Autism Insights – Dramatic rise in diagnoses is linked to case categorization Dramatic rise in diagnoses is linked to case categorization

During their recent DisAbility Summit at Chapman University, researchers from Chapman’s Thompson Policy Institute (TPI) for Disability and Autism put forth some new numbers that are getting people talking.

Man with glasses
Don Cardinal presents at DisAbility Summit

The autism community is famously polarized due to ongoing claims and theories about what exactly causes autism and what’s behind the current dramatic increase in autism diagnoses (environmental or human- caused factors, better or worse methods of diagnosing, etc.) Now families, educators, health workers and others have a new set of data to ponder. In California, autism diagnoses have jumped from 2 percent to 12.5 percent of children in special education since 2000. And in Orange County, the rise is even more steep – from 2.5 percent to almost 19 percent.
The Chapman experts attribute the sharp increase to what they call “diagnostic migration.” They say it can be statistically explained by the fact that children who receive an autism diagnosis today would still have been eligible for special education in
earlier years but within a different category, called Specific Learning Disabilities (SLD). This is a category assigned to children who don’t have an intellectual impairment but who perform below expectations academically. Autism diagnoses have clearly increased
while SLD eligibility has decreased corre- spondingly, the experts say. They also argue that almost all new cases of “Other Health Impaired” – a category that includes ADHD and whose numbers have grown almost as fast as autism – can be attributed to the same factor.
“All children and youth in California special education are assigned to a primary category – a label, if you will,” said Don Cardinal, Ph.D., lead investigator for the Thompson Policy Institute. “While the total special education enrollment across all categories has remained constant when considering general population growth, the number of children in some categories has decreased, and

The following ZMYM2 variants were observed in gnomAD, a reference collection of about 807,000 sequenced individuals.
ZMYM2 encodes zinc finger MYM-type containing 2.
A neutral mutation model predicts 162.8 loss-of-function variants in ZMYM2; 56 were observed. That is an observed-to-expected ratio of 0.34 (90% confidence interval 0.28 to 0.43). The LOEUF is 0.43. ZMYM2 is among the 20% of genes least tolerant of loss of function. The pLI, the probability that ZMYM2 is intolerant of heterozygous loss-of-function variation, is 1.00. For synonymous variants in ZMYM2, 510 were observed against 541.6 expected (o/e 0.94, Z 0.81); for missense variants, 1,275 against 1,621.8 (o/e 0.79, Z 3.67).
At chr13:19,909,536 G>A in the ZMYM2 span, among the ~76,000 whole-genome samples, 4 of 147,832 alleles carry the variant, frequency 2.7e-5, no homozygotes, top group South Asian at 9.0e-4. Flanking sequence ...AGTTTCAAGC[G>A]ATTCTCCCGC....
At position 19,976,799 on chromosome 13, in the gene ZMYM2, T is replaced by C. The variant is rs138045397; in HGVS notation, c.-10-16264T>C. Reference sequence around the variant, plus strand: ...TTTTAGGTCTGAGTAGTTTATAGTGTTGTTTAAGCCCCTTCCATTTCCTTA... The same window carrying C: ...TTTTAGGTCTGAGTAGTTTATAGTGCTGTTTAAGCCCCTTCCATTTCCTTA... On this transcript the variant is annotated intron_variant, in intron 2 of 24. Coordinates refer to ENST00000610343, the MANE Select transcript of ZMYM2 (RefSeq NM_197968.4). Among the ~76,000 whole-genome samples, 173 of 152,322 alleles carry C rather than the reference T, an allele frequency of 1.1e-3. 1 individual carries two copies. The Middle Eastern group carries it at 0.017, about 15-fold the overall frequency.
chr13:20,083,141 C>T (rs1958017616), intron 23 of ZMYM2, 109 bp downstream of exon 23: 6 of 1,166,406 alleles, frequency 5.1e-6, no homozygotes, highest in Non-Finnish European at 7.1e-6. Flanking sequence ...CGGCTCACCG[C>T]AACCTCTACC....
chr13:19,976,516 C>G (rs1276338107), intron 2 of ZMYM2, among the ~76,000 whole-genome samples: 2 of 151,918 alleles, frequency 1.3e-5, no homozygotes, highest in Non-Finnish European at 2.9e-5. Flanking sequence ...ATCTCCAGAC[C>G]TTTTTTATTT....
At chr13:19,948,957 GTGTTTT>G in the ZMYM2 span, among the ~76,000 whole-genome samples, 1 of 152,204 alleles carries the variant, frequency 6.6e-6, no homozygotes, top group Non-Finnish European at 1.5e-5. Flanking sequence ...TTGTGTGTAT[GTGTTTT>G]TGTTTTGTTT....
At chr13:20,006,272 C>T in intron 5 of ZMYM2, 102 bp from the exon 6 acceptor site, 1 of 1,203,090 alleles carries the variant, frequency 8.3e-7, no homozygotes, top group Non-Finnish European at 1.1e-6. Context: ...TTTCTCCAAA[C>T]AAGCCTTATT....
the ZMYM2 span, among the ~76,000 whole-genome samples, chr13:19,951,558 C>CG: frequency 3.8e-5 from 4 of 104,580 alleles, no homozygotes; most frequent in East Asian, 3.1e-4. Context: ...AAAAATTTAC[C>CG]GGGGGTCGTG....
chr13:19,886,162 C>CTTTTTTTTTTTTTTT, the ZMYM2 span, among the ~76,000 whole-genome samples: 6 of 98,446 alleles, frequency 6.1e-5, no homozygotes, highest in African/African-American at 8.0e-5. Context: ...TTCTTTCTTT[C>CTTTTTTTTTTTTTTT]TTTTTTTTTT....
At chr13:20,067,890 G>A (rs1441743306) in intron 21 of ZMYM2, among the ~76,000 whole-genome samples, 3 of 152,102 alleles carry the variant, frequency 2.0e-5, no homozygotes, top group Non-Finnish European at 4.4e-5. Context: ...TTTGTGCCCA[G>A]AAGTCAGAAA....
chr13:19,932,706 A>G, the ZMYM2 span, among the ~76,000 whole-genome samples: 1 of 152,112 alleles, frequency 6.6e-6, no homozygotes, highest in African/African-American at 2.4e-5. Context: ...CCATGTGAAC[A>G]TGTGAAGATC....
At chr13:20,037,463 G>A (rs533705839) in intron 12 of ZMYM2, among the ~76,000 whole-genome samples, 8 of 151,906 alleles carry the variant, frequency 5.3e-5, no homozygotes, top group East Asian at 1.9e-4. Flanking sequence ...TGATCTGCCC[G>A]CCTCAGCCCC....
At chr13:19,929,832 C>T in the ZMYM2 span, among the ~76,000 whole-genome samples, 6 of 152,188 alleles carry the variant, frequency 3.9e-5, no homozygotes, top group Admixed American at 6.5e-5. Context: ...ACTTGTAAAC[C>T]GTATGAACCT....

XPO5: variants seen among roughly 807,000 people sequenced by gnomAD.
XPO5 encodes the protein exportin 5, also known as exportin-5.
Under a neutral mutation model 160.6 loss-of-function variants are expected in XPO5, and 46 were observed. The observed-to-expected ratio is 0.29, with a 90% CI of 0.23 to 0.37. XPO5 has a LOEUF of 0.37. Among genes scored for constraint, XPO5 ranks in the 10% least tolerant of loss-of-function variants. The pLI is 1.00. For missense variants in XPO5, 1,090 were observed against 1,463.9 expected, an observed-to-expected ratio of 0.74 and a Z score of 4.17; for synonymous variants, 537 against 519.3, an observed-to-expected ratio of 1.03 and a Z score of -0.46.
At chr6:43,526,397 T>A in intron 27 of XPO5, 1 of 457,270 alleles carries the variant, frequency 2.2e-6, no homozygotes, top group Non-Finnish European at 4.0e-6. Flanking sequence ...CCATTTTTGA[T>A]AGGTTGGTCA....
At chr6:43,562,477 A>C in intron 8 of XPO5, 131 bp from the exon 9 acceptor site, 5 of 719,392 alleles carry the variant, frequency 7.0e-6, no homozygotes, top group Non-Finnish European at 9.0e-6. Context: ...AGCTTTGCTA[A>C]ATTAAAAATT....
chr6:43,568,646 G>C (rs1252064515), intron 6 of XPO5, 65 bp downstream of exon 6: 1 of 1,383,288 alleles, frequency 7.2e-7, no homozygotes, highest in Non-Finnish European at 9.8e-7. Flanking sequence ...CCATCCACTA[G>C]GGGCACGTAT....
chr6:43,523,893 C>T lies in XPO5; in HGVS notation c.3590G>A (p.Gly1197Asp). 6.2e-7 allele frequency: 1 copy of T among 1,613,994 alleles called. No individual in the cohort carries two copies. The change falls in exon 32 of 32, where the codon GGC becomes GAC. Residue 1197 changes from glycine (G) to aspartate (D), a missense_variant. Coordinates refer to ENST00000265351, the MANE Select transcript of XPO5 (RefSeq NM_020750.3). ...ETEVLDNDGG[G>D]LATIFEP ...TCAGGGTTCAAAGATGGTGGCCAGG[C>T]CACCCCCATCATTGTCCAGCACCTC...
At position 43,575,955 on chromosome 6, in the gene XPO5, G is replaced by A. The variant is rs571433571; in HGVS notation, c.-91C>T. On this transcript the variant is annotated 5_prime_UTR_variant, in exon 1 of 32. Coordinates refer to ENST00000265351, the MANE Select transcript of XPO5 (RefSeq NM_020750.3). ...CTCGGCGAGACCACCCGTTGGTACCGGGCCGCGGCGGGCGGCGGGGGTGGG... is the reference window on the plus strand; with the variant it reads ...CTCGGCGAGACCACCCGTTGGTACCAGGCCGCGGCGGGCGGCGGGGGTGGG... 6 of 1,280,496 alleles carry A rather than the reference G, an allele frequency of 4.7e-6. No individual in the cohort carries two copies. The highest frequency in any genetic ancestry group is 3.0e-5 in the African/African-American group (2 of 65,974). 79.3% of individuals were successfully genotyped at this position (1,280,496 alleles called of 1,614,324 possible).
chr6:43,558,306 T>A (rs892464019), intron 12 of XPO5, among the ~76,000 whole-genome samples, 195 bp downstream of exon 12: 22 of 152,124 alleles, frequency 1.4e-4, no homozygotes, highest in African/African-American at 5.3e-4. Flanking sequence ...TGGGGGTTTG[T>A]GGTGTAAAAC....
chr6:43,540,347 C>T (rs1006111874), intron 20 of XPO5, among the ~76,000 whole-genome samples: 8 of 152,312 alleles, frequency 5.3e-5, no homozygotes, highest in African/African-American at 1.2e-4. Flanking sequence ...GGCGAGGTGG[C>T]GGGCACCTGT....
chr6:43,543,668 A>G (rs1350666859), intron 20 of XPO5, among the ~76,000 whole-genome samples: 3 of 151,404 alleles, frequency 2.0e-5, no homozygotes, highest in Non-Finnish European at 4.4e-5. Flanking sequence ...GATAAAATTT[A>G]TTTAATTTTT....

Woman speaking
Amy-Jane Griffiths presents research at DisAbility Summit.

others, such as autism, have increased. Only one category – Specific Learning Disabilities – has substantially decreased, by 64,842 kids since 2000. But two categories have substantially increased during that time: autism has increased by 76,755 – over six times the number in 2000; and Other Health Impaired has increased by 55,603 kids, more than four times the number of 15 years ago. We believe it’s accurate to say that the increase in Other Health Impaired is actually an increase in ADHD.

“When we tested these data in a mathematical model, we found that the diagnostic migration (movement within disability categories) strongly explains the alarming increase in the autism rate among children in California, and likely the nation,” Cardinal told the hundreds of educators, health professionals, parents and policy-makers at the DisAbility Summit. “Due to California’s demographics, large size and the extremely large size of the TPI sample – some 700,000 children per year – we believe these results are compelling enough to be tested on data from other states, toward being able to generalize the findings nationally.”

The policy implications from this study, say Cardinal and TPI co-investigator Amy-Jane Griffiths, Ph.D., are wide-ranging.

“In schools, if we properly align our policies and procedures to this new information, children will reap the rewards of a more specific and personalized education plan,” Griffiths said. “In the adult life of those identified with autism, understanding what policies need to be developed or changed to create better supports for young and mature adults is an immediate need – and TPI’s initial work on Autism in the Workplace is a starting place.”

Mary Platt

Mary Platt is director of the Hilbert Museum of California Art at Chapman University

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